There is energy production in the Outer Banks future. Clean energy, actually. Not oil, but a known resource just waiting to be exploited.
It’s wind energy. Twenty-seven miles off the coast of the northern Outer Banks there is an area called the Kitty Hawk Wind Energy Area (WEA).
Looking at it on a map, it doesn’t look all that large. Look at the statistics and its massive—122,405 acre (191 sq. miles). It is not its size that is drawing attention, however. It is the potential that it holds. The numbers are still theoretical, but there should be enough wind energy in the WEA to power between 500,000 and 700,000 homes.
No other WEA on the East Coast can match that. In fact, if fully developed it would be one of the largest in the world.
The journey from being identified as a WEA to energy production is a long and complicated journey though, and the first steps in what will be a multi-year process have just happened.
Because the Kitty Hawk WEA is outside the waters North Carolina controls, the Bureau of Ocean Energy Management (BOEM) controls how it will be developed and who will develop it.
To their credit, BOEM worked closely with North Carolina in determining where the WEA was placed. As an example, one reason the eastern boundary of the site is 27 miles from shore is because of concerns about how people would react seeing turbines spinning in the wind during their stay on the Outer Banks.
After establishing the WEA, BOEM puts the site out for a lease bid. That was in 2016 and there was a lot of interest from some of the biggest names in wind energy.
The winning bid went to Avangrid Renewables for a little bit more than $9 million in March of 2019.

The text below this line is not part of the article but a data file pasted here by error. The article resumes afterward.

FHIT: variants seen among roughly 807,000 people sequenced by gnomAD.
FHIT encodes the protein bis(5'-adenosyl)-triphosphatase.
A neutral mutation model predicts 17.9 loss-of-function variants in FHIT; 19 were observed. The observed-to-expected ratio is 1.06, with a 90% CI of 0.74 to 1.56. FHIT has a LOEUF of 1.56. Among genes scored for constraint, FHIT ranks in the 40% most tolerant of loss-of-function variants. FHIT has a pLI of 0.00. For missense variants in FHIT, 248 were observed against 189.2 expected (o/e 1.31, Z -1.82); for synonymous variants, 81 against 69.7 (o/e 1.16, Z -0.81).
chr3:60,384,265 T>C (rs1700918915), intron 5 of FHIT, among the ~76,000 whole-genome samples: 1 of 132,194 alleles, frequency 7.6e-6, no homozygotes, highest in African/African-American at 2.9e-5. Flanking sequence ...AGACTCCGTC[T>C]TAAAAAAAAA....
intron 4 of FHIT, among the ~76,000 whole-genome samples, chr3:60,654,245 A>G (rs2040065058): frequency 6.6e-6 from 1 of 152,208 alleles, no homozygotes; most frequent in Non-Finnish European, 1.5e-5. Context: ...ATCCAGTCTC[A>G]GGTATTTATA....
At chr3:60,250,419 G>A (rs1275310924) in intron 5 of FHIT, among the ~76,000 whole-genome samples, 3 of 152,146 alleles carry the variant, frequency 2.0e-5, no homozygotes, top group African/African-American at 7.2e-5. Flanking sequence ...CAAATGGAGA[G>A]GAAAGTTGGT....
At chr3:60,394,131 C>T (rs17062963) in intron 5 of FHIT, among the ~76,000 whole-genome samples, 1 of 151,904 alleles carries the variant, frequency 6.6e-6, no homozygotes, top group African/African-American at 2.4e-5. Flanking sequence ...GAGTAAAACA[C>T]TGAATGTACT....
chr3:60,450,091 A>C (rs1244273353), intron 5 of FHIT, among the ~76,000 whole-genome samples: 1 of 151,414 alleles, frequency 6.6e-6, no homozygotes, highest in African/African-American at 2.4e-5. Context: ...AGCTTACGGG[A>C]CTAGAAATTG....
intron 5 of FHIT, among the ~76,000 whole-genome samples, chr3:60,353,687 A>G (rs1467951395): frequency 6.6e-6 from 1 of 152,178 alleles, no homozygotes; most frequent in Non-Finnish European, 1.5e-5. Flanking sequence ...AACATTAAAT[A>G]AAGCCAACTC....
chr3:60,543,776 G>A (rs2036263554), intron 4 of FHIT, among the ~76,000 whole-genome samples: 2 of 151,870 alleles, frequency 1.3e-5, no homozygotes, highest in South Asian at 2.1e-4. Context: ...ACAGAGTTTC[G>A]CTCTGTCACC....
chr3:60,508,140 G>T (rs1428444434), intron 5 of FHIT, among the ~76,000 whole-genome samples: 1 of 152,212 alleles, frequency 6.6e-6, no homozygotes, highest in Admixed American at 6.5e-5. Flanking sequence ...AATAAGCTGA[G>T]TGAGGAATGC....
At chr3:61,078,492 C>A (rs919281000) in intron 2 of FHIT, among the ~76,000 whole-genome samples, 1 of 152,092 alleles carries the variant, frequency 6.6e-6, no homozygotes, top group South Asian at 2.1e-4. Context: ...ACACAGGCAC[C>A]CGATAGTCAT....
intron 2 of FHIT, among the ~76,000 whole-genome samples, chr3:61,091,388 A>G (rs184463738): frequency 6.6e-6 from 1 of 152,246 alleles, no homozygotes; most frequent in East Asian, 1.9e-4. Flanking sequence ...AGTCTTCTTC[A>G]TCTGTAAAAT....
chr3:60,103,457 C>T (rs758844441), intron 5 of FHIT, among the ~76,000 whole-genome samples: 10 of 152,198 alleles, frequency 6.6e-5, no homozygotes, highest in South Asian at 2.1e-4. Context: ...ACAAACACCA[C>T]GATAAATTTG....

Avangrid has not yet begun developing the area, although they are doing extensive survey work to determine the best placement for turbines and the specific areas of strongest and most consistent winds.
A subsidiary of a large Spanish energy firm, Avangrid already has a footprint in northeastern North Carolina. In partnership with Amazon, they developed a 208 MW wind farm in Perquimans and Pasquotank counties outside of Elizabeth City.
Will there be energy generated from the Kitty Hawk WEA? At some point probably; the potential is simply too great to not develop.
But under the best of circumstances, if everything comest together perfectly, it will be five, and more likely six years before the first kilowatt of power flows from the Atlantic Ocean to the shore.
When the first Environmental Assessment of the Kitty Hawk WEA was announced in 2012, there were no offshore wind farms in US waters. In 2016 the first, and still only, offshore wind farm off Block Island, Rhode Island began generating energy. A little less than five miles offshore, the site consists of five turbines generating 6MW of energy, enough to power Block Island which had been dependent on diesel generators.
Avangrid does not yet have a buyer for the energy Kitty Hawk would produce, but a number of factors make the project very attractive.
The price of wind energy had dropped significantly since Block Island came on line. Block Island is producing energy at $.25/kwh. The national average is a little over $.13/kwh making that project very expensive. But the cost of producing offshore wind energy has plummeted, and is now under $.10/kwh, significantly less than the national average.
Bringing the Cost Down
There are a number of reasons for that. The cost of construction has fallen as more is learned about how to build the platforms for the turbines. There has been remarkable improvements in the durability of the turbines, lowering maintenance and replacement costs.
The biggest improvement, though, has been in blade design. Four or five years ago, turbine blades were 250’ and capable of generating 7MW. The latest generation are 350’ and are capable of generating 12MW of energy. They will also operate in lower winds.
For the Kitty Hawk WEA to come on line there are still a number of significant hurdles to leap. There are going to be environmental hearings on the siting of the platforms. Bringing the energy to shore may be the biggest engineering problem to address. The nearest location that could handle the amount of expected energy is in Virginia Beach,70 miles from the WEA.
It does seem as though the stars are aligning, although it may be another five, six or maybe even seven years. But wind energy from the Outer Banks seems likely.
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